Objective.—A population-based survey was conducted in 1999 to describe the patterns of migraine diagnosis and medication use in a representative sample of the US population and to compare results with a methodologically identical study conducted 10 years earlier.
Methods.—A survey mailed to a panel of 20 000 US households identified 3577 individuals with severe headache meeting a case definition for migraine based on the International Headache Society (IHS) criteria. Those with severe headache answered questions regarding physician diagnosis and use of medications for headache as well as headache-related disability.
Results.—A physician diagnosis of migraine was reported by 48% of survey participants who met IHS criteria for migraine in 1999, compared with 38% in 1989. A total of 41% of IHS-defined migraineurs used prescription drugs for headaches in 1999, compared with 37% in 1989. The proportion of IHS-defined migraineurs using only over-the-counter medications to treat their headaches was 57% in 1999, compared with 59% in 1989. In 1999, 37% of diagnosed and 21% of undiagnosed migraineurs reported 1 to 2 days of activity restriction per episode (P<.001); 38% of diagnosed and 24% of undiagnosed migraineurs missed at least 1 day of work or school in the previous 3 months (P<.001); 57% of diagnosed and 45% of undiagnosed migraineurs experienced at least a 50% reduction in work/school productivity (P<.001).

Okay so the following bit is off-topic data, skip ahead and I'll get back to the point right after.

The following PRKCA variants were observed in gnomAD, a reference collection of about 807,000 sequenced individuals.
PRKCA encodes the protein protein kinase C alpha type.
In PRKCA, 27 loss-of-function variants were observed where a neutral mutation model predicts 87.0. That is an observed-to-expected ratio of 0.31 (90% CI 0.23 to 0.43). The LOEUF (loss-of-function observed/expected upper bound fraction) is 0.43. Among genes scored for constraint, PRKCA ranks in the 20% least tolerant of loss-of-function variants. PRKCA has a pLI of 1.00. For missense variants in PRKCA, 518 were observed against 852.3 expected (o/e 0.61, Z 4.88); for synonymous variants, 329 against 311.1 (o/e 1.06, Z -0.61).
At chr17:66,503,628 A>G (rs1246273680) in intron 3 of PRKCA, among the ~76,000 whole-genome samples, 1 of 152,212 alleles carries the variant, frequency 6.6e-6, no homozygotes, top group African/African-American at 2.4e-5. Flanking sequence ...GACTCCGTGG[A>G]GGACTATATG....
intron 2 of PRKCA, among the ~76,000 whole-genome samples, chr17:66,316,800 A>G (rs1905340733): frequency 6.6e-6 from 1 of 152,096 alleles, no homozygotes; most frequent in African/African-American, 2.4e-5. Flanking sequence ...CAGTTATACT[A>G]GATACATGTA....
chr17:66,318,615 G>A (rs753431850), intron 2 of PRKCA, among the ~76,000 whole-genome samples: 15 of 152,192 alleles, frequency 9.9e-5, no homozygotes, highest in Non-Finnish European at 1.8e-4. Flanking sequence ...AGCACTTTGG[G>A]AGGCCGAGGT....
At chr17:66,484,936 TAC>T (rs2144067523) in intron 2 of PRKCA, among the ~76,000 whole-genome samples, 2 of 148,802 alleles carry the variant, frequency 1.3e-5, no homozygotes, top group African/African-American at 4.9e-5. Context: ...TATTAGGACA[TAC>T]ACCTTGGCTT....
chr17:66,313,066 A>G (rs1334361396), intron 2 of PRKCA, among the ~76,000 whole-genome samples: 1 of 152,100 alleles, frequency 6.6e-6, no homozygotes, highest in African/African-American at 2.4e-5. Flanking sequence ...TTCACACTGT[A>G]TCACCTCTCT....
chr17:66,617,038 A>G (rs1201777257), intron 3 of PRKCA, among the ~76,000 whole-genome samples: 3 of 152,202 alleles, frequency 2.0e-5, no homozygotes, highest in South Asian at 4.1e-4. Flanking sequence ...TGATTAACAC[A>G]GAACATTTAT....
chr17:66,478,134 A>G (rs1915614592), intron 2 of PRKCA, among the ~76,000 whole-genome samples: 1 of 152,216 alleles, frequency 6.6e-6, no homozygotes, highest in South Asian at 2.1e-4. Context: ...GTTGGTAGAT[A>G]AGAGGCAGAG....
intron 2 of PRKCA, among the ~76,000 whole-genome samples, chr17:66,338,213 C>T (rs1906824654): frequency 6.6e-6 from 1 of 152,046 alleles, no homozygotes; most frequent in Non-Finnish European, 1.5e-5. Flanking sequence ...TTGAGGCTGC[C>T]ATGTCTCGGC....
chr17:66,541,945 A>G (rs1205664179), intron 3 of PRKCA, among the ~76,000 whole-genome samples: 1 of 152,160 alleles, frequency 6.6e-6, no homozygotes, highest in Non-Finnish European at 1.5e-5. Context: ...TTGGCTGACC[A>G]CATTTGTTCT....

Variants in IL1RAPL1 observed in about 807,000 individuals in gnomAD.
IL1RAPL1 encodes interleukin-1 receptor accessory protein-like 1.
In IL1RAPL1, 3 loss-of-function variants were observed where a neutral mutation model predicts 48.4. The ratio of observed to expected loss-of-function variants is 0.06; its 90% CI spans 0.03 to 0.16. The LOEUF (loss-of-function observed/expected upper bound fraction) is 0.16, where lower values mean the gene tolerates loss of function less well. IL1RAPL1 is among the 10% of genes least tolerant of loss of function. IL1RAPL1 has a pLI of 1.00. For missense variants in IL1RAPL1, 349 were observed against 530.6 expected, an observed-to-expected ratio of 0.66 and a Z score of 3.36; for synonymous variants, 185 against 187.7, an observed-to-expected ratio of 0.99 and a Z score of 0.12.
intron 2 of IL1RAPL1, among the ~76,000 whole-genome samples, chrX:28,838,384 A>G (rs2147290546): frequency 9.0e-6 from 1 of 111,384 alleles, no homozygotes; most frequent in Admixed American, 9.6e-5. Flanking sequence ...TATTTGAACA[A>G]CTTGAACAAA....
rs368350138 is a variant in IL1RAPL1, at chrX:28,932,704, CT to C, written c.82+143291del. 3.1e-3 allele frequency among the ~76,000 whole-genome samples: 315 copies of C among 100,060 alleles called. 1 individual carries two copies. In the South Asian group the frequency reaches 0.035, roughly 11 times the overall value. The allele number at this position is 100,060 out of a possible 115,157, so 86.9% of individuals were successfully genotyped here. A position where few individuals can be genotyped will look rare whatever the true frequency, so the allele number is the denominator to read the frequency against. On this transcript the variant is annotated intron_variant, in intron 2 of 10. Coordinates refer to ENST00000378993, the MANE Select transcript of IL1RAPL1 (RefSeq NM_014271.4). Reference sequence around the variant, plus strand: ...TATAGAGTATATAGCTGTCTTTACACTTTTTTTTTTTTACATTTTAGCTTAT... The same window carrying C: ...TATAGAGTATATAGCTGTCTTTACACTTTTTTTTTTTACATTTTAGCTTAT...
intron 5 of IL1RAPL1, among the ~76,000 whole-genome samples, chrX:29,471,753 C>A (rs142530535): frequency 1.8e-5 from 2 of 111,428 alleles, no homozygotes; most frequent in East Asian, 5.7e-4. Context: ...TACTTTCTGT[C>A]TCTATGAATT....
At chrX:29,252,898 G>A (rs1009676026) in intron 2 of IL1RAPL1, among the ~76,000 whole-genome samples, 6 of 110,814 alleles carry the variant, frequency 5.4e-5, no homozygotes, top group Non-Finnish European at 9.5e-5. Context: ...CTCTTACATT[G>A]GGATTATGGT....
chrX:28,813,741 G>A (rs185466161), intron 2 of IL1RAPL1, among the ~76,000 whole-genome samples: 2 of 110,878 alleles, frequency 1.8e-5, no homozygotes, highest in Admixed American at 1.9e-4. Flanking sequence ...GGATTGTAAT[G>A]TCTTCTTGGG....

Conclusions.— Diagnosis of migraine has increased over the past decade. Nonetheless, approximately half of migraineurs remain undiagnosed, and the increased rates of diagnosis of migraine have been accompanied by only a modest increase in the proportion using prescription medicines. Migraine continues to cause significant disability whether or not there has been a physician diagnosis. Given the availability of effective treatments, public health initiatives to improve patterns of care are warranted.